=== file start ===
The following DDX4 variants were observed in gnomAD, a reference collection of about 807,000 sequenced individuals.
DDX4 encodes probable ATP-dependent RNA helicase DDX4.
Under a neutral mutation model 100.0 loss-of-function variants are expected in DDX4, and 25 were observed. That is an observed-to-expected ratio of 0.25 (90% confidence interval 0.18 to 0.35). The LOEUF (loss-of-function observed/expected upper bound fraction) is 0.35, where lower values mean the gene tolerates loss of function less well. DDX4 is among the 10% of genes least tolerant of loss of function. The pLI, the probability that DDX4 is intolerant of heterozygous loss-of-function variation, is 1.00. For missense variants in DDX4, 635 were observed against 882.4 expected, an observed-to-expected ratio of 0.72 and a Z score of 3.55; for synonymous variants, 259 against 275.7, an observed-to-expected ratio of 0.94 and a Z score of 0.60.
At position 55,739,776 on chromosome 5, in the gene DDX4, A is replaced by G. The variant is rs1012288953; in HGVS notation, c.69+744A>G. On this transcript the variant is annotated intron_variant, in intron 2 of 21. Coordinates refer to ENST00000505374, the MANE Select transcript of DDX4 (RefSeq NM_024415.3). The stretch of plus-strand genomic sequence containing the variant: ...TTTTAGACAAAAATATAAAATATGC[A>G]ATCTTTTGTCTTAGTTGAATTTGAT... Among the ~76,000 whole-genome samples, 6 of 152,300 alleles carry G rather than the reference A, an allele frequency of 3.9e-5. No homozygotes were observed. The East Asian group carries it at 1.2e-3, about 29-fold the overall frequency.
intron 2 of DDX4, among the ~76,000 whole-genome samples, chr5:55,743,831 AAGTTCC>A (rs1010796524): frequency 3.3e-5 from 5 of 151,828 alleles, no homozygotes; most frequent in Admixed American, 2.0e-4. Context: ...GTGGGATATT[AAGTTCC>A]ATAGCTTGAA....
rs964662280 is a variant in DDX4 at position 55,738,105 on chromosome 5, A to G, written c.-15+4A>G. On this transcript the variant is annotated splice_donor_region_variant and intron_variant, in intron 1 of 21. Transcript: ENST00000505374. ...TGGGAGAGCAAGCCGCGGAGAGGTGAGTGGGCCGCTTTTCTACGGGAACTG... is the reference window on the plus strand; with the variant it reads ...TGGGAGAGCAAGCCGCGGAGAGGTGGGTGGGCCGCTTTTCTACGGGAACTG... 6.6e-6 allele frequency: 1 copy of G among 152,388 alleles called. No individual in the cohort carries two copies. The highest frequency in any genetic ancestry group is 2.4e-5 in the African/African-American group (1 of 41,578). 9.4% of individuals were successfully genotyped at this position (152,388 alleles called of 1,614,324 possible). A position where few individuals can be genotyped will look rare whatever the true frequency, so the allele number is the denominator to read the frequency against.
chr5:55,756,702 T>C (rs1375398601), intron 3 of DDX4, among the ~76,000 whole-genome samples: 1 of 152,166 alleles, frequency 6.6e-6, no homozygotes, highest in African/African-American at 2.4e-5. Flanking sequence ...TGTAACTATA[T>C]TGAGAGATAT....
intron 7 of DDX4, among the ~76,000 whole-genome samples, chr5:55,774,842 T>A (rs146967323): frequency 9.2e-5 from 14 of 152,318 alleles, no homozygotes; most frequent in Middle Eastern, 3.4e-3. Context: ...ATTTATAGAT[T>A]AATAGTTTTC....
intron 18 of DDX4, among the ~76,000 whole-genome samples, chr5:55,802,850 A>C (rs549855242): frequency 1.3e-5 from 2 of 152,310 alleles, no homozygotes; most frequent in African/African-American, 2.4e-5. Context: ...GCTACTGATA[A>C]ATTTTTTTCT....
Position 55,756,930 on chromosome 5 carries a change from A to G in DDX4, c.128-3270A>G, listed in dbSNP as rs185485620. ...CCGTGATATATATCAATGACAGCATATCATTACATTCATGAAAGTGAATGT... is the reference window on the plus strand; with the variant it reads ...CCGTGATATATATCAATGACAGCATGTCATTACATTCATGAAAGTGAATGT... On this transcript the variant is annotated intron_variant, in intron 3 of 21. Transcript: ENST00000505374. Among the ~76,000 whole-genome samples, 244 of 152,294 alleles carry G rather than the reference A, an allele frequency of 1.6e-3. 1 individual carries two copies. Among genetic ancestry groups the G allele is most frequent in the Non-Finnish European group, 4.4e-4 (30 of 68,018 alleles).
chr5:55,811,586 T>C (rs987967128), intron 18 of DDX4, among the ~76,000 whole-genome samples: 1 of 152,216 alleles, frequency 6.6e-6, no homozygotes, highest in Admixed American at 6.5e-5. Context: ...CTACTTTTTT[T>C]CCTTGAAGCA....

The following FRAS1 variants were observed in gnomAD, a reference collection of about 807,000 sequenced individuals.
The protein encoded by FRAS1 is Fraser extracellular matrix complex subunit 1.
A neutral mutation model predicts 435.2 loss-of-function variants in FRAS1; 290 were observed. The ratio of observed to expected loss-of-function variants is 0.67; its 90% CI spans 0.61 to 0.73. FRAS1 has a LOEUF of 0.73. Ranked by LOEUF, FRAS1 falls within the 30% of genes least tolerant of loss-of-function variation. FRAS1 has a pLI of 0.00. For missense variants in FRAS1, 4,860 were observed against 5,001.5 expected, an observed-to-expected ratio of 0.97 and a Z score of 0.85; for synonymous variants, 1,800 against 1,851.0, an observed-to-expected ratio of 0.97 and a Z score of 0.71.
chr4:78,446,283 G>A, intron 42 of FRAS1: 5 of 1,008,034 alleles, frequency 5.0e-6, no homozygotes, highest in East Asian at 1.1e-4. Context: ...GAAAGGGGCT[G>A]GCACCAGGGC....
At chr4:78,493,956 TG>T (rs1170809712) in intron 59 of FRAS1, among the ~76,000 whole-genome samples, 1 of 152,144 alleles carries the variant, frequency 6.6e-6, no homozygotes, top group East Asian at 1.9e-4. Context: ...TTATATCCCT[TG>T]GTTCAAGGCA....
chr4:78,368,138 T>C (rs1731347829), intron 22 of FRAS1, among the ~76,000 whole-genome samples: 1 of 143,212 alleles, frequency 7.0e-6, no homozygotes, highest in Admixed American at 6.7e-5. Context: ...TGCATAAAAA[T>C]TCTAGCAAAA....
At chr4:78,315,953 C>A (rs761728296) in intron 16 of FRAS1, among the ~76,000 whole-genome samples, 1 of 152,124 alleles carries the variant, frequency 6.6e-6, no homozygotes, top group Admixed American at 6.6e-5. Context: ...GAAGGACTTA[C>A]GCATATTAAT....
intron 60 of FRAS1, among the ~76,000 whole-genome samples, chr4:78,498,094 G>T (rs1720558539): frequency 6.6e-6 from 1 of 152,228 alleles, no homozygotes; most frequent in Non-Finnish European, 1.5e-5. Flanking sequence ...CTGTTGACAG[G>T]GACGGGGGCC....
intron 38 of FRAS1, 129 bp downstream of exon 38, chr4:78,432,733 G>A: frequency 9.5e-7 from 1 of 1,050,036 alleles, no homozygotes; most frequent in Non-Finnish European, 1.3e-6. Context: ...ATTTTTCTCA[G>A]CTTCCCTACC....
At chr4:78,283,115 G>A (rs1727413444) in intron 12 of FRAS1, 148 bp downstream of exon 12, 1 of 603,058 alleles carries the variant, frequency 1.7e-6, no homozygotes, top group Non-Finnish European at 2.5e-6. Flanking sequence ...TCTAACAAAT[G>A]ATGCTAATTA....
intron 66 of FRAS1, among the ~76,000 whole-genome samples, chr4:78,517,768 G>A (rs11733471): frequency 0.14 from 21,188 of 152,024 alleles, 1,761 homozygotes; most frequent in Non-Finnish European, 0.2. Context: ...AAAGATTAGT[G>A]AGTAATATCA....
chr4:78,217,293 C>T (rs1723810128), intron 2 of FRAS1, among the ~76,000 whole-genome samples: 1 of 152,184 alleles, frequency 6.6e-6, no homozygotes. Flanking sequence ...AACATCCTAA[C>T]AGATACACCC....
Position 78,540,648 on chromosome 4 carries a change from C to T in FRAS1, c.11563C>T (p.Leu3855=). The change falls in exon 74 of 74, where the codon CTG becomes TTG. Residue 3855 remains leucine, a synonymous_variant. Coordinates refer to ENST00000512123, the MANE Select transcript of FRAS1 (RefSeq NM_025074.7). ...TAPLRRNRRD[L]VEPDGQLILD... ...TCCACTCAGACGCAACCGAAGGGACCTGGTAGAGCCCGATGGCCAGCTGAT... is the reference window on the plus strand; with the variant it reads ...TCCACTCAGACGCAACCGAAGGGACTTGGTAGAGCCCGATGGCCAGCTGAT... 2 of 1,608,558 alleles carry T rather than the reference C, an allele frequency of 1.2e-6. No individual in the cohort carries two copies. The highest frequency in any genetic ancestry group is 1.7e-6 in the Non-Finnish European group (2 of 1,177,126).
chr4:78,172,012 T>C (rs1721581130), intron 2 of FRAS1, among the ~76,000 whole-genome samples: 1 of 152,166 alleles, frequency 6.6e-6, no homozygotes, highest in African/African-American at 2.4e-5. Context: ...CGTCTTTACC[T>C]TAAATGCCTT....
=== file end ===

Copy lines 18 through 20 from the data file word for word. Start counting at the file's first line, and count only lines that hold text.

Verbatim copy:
At chr4:78,315,953 C>A (rs761728296) in intron 16 of FRAS1, among the ~76,000 whole-genome samples, 1 of 152,124 alleles carries the variant, frequency 6.6e-6, no homozygotes, top group Admixed American at 6.6e-5. Context: ...GAAGGACTTA[C>A]GCATATTAAT....
intron 60 of FRAS1, among the ~76,000 whole-genome samples, chr4:78,498,094 G>T (rs1720558539): frequency 6.6e-6 from 1 of 152,228 alleles, no homozygotes; most frequent in Non-Finnish European, 1.5e-5. Flanking sequence ...CTGTTGACAG[G>T]GACGGGGGCC....
intron 38 of FRAS1, 129 bp downstream of exon 38, chr4:78,432,733 G>A: frequency 9.5e-7 from 1 of 1,050,036 alleles, no homozygotes; most frequent in Non-Finnish European, 1.3e-6. Context: ...ATTTTTCTCA[G>A]CTTCCCTACC....